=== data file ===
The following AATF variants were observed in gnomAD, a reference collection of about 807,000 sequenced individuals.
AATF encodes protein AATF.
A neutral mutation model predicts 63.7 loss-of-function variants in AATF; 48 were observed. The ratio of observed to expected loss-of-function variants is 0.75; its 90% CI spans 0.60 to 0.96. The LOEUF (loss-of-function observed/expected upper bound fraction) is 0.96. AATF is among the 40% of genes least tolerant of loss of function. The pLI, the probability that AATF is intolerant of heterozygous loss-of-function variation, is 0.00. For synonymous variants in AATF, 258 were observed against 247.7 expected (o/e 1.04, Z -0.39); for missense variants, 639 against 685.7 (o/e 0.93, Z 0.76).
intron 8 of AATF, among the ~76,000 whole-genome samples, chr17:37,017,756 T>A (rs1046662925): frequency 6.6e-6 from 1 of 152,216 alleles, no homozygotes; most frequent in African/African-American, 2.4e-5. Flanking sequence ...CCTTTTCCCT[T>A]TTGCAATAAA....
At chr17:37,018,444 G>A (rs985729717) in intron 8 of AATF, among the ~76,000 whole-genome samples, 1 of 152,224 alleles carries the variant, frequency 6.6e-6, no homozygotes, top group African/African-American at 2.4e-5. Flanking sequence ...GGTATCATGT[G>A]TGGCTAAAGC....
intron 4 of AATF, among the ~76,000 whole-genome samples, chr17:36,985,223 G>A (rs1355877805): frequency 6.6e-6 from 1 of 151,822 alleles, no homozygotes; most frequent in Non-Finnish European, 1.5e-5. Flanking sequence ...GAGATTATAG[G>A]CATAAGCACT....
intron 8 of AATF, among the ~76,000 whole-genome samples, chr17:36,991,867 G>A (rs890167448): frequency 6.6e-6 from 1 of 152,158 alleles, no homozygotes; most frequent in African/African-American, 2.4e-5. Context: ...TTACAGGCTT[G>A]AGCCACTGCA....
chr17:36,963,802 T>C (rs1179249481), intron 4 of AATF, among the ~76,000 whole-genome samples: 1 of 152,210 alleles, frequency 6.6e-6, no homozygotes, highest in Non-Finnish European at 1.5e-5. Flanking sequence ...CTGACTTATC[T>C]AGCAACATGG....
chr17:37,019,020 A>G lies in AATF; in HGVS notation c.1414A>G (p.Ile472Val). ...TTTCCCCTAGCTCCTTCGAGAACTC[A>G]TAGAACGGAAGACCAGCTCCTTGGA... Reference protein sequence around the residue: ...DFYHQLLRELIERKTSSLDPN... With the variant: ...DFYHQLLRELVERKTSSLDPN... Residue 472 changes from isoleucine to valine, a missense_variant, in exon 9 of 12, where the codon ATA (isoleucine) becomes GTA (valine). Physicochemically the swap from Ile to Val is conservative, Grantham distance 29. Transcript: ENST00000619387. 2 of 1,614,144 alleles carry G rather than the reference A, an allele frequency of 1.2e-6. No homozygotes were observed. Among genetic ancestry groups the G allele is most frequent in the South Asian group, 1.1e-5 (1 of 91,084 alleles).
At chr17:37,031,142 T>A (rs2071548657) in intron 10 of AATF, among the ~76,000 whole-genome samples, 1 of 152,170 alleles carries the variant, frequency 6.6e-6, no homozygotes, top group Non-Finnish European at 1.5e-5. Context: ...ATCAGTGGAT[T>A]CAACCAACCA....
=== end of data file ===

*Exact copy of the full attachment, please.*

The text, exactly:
The following AATF variants were observed in gnomAD, a reference collection of about 807,000 sequenced individuals.
AATF encodes protein AATF.
A neutral mutation model predicts 63.7 loss-of-function variants in AATF; 48 were observed. The ratio of observed to expected loss-of-function variants is 0.75; its 90% CI spans 0.60 to 0.96. The LOEUF (loss-of-function observed/expected upper bound fraction) is 0.96. AATF is among the 40% of genes least tolerant of loss of function. The pLI, the probability that AATF is intolerant of heterozygous loss-of-function variation, is 0.00. For synonymous variants in AATF, 258 were observed against 247.7 expected (o/e 1.04, Z -0.39); for missense variants, 639 against 685.7 (o/e 0.93, Z 0.76).
intron 8 of AATF, among the ~76,000 whole-genome samples, chr17:37,017,756 T>A (rs1046662925): frequency 6.6e-6 from 1 of 152,216 alleles, no homozygotes; most frequent in African/African-American, 2.4e-5. Flanking sequence ...CCTTTTCCCT[T>A]TTGCAATAAA....
At chr17:37,018,444 G>A (rs985729717) in intron 8 of AATF, among the ~76,000 whole-genome samples, 1 of 152,224 alleles carries the variant, frequency 6.6e-6, no homozygotes, top group African/African-American at 2.4e-5. Flanking sequence ...GGTATCATGT[G>A]TGGCTAAAGC....
intron 4 of AATF, among the ~76,000 whole-genome samples, chr17:36,985,223 G>A (rs1355877805): frequency 6.6e-6 from 1 of 151,822 alleles, no homozygotes; most frequent in Non-Finnish European, 1.5e-5. Flanking sequence ...GAGATTATAG[G>A]CATAAGCACT....
intron 8 of AATF, among the ~76,000 whole-genome samples, chr17:36,991,867 G>A (rs890167448): frequency 6.6e-6 from 1 of 152,158 alleles, no homozygotes; most frequent in African/African-American, 2.4e-5. Context: ...TTACAGGCTT[G>A]AGCCACTGCA....
chr17:36,963,802 T>C (rs1179249481), intron 4 of AATF, among the ~76,000 whole-genome samples: 1 of 152,210 alleles, frequency 6.6e-6, no homozygotes, highest in Non-Finnish European at 1.5e-5. Flanking sequence ...CTGACTTATC[T>C]AGCAACATGG....
chr17:37,019,020 A>G lies in AATF; in HGVS notation c.1414A>G (p.Ile472Val). ...TTTCCCCTAGCTCCTTCGAGAACTC[A>G]TAGAACGGAAGACCAGCTCCTTGGA... Reference protein sequence around the residue: ...DFYHQLLRELIERKTSSLDPN... With the variant: ...DFYHQLLRELVERKTSSLDPN... Residue 472 changes from isoleucine to valine, a missense_variant, in exon 9 of 12, where the codon ATA (isoleucine) becomes GTA (valine). Physicochemically the swap from Ile to Val is conservative, Grantham distance 29. Transcript: ENST00000619387. 2 of 1,614,144 alleles carry G rather than the reference A, an allele frequency of 1.2e-6. No homozygotes were observed. Among genetic ancestry groups the G allele is most frequent in the South Asian group, 1.1e-5 (1 of 91,084 alleles).
At chr17:37,031,142 T>A (rs2071548657) in intron 10 of AATF, among the ~76,000 whole-genome samples, 1 of 152,170 alleles carries the variant, frequency 6.6e-6, no homozygotes, top group Non-Finnish European at 1.5e-5. Context: ...ATCAGTGGAT[T>A]CAACCAACCA....